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 Post subject: Running 1.1A drive on 1A power
 Post Posted: Tue Nov 06, 2007 1:14 pm 
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Joined: Thu Jun 07, 2007 10:54 am
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Location: Minneapolis, MN
I have a Hitachi HTS726060M9AT00 drive from my old T42 laptop. It is a 60GB drive, 7200rpm, 5V 1.1A. I wanted to use it as an external drive, so I purchased a cheap 2.5" USB hard drive enclosure. I didn't think to check the HD power requirements beforehand, and USB only powers 500mA. The cable that came with the drive is a Y-shape cable. At first I wasn't sure why, but I think it's to give the drive access to two USB power lines, for a total of 1A. If If I plug only one in, the USB drive connects and disconnects in rapid succession, I'm guessing the drive not being able to spin up. If I plug in both ends into a USB port each, the drive remains as connected to the computer. What I want to know is, will the drive operate safely with 1A instead of 1.1A, or do I need to find something else to put my drive into? Thanks.

Edit: Nevermind. Running off of two USB ports, the hard drive remains connected *if* you don't attempt to access the drive. Attempting to access the drive will result in the same problems as with one USB port.


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 Post Posted: Tue Nov 06, 2007 2:15 pm 
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Joined: Sun Feb 04, 2007 11:44 am
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Check your enclosure, it probably has a small jack for a 5V AC adapter. If so, you can use more power hungry drives if you attach an adapter like this: http://www.shopaddonics.com/itemdesc.asp?ic=AAPAC5V

Some 2.5" enclosures used to come with adapters like that, others used Y-cables drawing power from 2 ports (data passes through only one of them), others only support drives that draw less than the 0.5A max available via a single USB port alone. Scott.


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 Post Posted: Tue Nov 06, 2007 2:30 pm 
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Location: Minneapolis, MN
The enclosure makes no provision for AC power. It has a single USB port. I'm waiting for an RMA authorization to return it.

Edit: After a good deal of searching, I was able to find an AC powered 2.5inch PATA IDE hard drive enclosure. I'm going with the Tripp Lite U256-025-R, as seen at http://www.tripplite.com/products/produ ... =3171#spec. It includes an AC adapter, and I've been able to locate it online for $28.33, after $5.45 shipping and handling charges are added. Hopefully this will be more successful.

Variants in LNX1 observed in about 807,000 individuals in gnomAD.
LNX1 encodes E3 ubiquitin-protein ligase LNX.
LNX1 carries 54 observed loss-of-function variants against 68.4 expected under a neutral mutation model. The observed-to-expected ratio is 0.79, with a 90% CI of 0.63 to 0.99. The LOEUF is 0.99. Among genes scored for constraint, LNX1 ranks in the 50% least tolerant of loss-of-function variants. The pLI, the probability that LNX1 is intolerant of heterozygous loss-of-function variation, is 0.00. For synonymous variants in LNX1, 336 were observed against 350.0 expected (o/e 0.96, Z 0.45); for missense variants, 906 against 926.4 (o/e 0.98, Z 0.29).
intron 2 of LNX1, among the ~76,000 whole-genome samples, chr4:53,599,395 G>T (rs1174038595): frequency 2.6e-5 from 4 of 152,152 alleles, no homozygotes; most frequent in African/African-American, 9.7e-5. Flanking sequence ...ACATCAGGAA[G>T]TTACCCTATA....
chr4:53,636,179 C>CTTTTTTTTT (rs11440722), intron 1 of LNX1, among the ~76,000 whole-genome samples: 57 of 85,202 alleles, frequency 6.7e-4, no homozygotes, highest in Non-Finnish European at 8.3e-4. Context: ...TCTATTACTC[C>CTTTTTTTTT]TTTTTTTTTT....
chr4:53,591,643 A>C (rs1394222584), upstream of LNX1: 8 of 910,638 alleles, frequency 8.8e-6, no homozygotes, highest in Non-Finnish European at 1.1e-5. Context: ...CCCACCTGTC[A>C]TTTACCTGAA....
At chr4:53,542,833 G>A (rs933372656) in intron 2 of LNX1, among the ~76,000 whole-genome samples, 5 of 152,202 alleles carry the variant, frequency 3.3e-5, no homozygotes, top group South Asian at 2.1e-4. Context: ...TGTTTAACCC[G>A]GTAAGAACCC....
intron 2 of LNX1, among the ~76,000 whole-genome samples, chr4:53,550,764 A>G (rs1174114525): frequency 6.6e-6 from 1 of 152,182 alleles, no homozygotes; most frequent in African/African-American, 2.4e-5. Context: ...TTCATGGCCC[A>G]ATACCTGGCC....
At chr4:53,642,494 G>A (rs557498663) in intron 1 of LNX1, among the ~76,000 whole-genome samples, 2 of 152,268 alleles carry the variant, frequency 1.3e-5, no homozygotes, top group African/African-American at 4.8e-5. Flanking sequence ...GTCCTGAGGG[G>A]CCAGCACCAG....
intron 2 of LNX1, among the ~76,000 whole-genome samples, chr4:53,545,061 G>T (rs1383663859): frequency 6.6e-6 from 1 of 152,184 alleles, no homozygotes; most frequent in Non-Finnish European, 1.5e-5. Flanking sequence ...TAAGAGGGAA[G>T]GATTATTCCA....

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 Post Posted: Fri Nov 09, 2007 1:14 pm 
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Location: Minneapolis, MN
TrippLite hard drive enclosure arrived. Plus, powers drive, drive works, drive has red power light, green I/O light. Negatives, has eight tiny screws, not entirely clear from the instructions how to remove the casing halves (push side opposite of LEDs and ports away from center plastic frame, then push back, the case is positioned onto the port side by two positioning tabs), the hard drive does not sit fully horizontal without force which leads to a fracture in one of the four somewhat larger screw retaining points on the plastic frame when tightened, the eight tiny screws can be reluctant to fully screw back in (leading to scratches on aluminum case from slipping of included miniature screwdriver), top half of case doesn't sit completely flush against middle frame around the lengthwise edges, plastic frame has visible molding nub, frame extends beyond case on one lengthwise side indented on other lengthwise side, all screws are Phillips. Also, the USB port on the enclosure is a USB mini port, which could be a problem if you ever lose the cable and don't have any USB mini to USB cables laying around. I suppose about worth the $28, but definitely would not be worth the $49.99 MSRP.

Why do all PATA IDE to USB controllers appear to be 7.5 MIPS RISC CPUs?


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 Post Posted: Fri Nov 09, 2007 2:10 pm 
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I don't see that on mine. Scott.


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 Post Posted: Fri Nov 09, 2007 4:59 pm 
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Ok, the ATA to USB bridge controller in my enclosure is a Genesys Logic GL811E. The product page proudly lists the feature of an "embedded 7.5 MIPS RISC CPU" (http://genesyslogic.com/_en/product_01_1.php?id=20). The ATA to USB controller in the generic bus powered enclosure I am returning is an Alcor Micro AU6390. While the product page and databook do not mention MIPS (http://www.alcormicro.com/products_detail.php?main_id=6&p_id=48), the product page for the enclosure did say it was a 7.5 MIPS controller (http://censuspc.com/2.5-inch-Drive-Case-External-Enclosure-Ultra-Light-Aluminum-USB2.0-Smart-Drive-Enclosure.-SKU-HD-ESU25-pr-2656.html). I'm just wondering why 7.5 MIPS RISC seems so important, what it could be technically related to.


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 Post Posted: Fri Nov 09, 2007 5:11 pm 
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The enclosure mfrs. change internal boards (and chipsets) all the time, the Censuspc enclosure probably used to use the Genesys chip. Bottom line: I wouldn't put too much stock in the descriptions of some of these products, they may not in fact be accurate. Scott.


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